That did it. A girl's father, even the father of a perfectly mature woman, was a kind of animal Fox was not up to facing just yet. Definitely more potent than a cold shower.

They went back to the carnival. Unashamedly pleased to have such a beautiful woman to cuddle in his arms, Fox took her on the Ferris Wheel and they road around and around endless times while she pointed out places in the Fair and told him amusing stories. When he seemed uncomfortable at her suggestion that they take in the midway freak shows, she took him forcefully by the arm and led him behind the gaudy tents to the break area and introduced him to the lizard boy and the bat girl, to the fat woman and the giant, to the Siamese twins and the dwarf. And all were, underneath their various medical afflictions, just people. Just the extreme ends of the curve that described the infinite variety of humankind.

That sobered him and her expression, as she led him out once more onto the midway, was fondly approving. The pensive, serious crease was still in his brow when he suddenly tugged her towards an all-too-familiar place. The Haunted House. Cristabelle followed but with some reluctance. Once inside he practically ran her through the first two levels. As expected, he pulled her into the ink black cubby behind the willows with their amplified moaning. At first she giggled girlishly - that was until she felt the passion and hunger in his now quite practiced kisses. Nearly breathless, he pulled her to him and in doing so she felt the wild beat of his pulse through the arms that held her just as she felt the evidence of a quite obvious desire pressed against her stomach.

"Fox...." she tried to push him away. "This has to end, you know that."

"I know, I know," he whispered near the soft lobe of her ear, "but please, just once more. It's almost six. I only have an hour. Oh, damn... more than an hour. It's my car. We can take as long as we want. They can wait." He had lessened his hold now that he had spoken. Just as she had never held him against his will, he was making it clear that she could go any time she pleased. Clearly, she didn't want to leave any more than he had earlier. It gave him a breath of hope. "Anywhere... please?" he whispered again.

She said not a word but straightened her clothes and, touching his fingertips, preceded him out into the late afternoon sunshine. They ran again. They ran hand and hand like children for whom youth is fleeting and they know it. But Fox was afraid for he had no idea where they were going. Was she taking him to see some marvel like the sideshow to distract his quite undisciplined ardor - or to someplace quiet, secluded - and safe.

On the edge of the grounds there was a sizeable lake in the center of which was an island. At the lake's edge Cristabelle hailed the attendant at the boat rental shack, a young woman of about her own age, and asked if she could take out one of the canoes. "Sorry to hurry you, we're in a bit of a hurry. We won't be long."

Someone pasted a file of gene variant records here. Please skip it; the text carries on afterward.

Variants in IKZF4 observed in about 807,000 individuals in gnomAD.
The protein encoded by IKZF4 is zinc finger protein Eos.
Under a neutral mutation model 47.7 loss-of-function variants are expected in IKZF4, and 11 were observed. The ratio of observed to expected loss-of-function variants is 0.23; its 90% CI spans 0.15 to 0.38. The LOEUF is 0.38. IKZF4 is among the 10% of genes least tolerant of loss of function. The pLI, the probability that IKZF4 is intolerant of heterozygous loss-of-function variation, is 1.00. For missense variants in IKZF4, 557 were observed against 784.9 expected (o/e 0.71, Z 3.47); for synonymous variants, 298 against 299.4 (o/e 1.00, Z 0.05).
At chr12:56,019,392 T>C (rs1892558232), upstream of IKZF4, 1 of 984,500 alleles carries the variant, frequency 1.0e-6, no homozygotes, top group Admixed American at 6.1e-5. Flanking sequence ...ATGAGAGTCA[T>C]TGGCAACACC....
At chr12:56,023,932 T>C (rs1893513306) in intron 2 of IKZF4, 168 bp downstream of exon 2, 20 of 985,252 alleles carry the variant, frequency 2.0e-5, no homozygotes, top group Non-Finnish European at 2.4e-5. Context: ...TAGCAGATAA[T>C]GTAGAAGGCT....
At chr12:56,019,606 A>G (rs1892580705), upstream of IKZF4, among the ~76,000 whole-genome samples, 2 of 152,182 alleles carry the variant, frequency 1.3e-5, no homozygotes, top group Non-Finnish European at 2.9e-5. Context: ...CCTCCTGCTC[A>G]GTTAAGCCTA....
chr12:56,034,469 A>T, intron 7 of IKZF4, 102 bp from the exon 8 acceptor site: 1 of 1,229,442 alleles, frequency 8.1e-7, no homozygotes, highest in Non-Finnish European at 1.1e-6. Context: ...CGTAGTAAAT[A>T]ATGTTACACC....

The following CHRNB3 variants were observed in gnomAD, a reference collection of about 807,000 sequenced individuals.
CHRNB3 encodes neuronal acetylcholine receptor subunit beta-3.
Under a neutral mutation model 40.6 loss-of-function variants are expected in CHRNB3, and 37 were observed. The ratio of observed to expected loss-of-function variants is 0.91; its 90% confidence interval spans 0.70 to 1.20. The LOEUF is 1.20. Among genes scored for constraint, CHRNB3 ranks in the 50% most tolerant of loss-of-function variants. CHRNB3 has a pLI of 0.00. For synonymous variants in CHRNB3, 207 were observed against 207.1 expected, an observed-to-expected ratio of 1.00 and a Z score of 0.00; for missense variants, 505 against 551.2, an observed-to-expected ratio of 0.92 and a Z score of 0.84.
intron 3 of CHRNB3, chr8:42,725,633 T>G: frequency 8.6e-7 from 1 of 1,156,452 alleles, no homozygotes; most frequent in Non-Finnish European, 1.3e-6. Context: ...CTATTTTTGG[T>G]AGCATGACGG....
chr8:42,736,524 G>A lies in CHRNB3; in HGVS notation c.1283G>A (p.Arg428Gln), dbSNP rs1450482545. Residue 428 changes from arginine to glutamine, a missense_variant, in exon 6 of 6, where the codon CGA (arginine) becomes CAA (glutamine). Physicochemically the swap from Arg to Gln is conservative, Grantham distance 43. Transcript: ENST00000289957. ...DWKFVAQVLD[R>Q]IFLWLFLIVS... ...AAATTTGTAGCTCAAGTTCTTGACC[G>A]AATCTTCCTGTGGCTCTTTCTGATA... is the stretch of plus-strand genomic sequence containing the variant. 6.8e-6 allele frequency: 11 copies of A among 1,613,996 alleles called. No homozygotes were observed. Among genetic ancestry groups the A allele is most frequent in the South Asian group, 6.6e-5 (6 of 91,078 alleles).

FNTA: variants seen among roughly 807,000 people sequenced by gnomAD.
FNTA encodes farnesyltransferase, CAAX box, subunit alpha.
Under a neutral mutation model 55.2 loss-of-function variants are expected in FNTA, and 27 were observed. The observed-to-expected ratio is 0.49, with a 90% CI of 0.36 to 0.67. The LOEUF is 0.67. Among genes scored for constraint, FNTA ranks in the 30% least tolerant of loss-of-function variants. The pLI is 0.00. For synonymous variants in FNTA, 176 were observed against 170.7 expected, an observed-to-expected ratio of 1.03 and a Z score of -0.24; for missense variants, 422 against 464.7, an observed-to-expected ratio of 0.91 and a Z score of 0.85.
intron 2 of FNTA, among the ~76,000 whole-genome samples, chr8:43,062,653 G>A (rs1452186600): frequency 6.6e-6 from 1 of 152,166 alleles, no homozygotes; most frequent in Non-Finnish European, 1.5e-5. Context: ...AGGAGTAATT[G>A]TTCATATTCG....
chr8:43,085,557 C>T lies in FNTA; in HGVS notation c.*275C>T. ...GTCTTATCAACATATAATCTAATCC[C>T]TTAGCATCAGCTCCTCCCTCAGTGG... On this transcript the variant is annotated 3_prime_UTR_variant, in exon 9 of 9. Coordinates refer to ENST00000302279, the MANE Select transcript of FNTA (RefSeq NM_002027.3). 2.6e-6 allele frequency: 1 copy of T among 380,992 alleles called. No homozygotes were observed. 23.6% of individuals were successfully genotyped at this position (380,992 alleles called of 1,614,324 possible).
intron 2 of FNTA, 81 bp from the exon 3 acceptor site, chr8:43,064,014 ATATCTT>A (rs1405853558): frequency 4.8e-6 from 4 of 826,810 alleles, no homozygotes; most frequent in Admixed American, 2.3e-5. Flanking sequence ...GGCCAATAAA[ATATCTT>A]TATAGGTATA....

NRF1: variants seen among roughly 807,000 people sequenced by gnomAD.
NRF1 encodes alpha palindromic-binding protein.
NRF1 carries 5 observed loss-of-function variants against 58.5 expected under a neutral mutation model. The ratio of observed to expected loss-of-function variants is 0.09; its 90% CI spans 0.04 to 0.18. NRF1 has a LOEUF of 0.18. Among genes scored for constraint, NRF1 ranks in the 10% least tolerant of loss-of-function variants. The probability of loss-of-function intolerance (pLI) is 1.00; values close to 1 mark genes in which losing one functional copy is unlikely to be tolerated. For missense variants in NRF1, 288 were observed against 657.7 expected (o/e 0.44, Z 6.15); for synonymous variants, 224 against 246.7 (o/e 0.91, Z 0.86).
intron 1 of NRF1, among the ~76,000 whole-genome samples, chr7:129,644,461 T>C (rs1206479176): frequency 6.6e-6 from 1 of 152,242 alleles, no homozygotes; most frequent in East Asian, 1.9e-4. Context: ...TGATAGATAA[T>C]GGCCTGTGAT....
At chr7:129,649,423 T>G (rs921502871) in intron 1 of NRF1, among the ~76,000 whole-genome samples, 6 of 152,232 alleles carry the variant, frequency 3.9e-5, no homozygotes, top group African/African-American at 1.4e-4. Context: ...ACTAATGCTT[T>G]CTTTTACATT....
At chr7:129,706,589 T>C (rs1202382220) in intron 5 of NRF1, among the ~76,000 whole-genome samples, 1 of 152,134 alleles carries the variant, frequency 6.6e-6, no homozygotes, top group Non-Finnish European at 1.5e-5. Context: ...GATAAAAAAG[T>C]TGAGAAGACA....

"Go ahead," said the woman, grinning knowingly as she spied her friend's companion, "but only if I can get another Taro reading."

"That would be my pleasure. Merci, mon ami." Cristabelle lowered her voice. "Is my pack still on the hook in the boat house?"

"And where else would it be?" the boatkeeper replied.

As Cristabelle retrieved the pack, the other woman's eyes swept over Fox as he was forced to stand unhappily by the unsteady boat, pretending that he went out alone in canoes with older women every day. Didn't help. The woman might as well have been marking a score card. He found himself suddenly burning with embarrassment, mortified down to the ends of his long toes. The boatkeeper seemed to already know what they had done and what, Fox desperately hoped, they would soon be doing again.

At that moment disappointment melted down over his frayed nerves. Maybe the canoeing would be all there would be to this. Just paddling and talking. In the canoe he would be in a position where he couldn't sit beside her, where, if they both paddled, he wouldn't even be able to see her face. Was this her gentle way of keeping him at arms' length until it was time for him to go?

His hopes soon recovered. Once underway she steered them almost immediately for the island. There was a landing point just around the tip of the island out of sight of the boat house where there were tracks of many feet and places where other canoes had been pulled up. This late in the day the landing was deserted.

Quickly, Cristabelle led him on what were for her well- known paths. He refused to think about why they were so familiar. The heavily forested mound which was all that made up the island was cris-crossed with dozens of such man- and woman- made trails. As he followed, Fox was keenly aware of many small niches behind bushes where one or two or even more could sneak away unobserved for hours.

At a point where Fox thought he would burst with frustration, Cristabelle found the spot she had been looking for. It was obviously a popular place. The grass was well matted down. In some places even the brown earth shown. Most importantly, the level ground was screened on all sides by bushes though not so completely on the eastern side. In that direction one could see the fairgrounds in the distance across the lake. The midway lights were just coming on as dusk began to threaten. He would remember that sight for as long as he lived as if it were a photograph framed within a border of green.

"Beautiful," Cristabelle said.

"Yes," Fox agreed but turning to her found she was not referring to the scene across the water but to an entirely different view. As late as this morning the thought that any woman would ever look at him that way would have made him blush. Now the blood that surged through his veins would be put to entirely different purpose altogether.

From the pack she had retrieved from the boathouse, she pulled two thin blankets, one of which she tossed to Fox. It was obviously meant as a ground cloth. "Do you have to make reservations at peak season?" he wondered helping her spread the blanket on the well-trampled ground.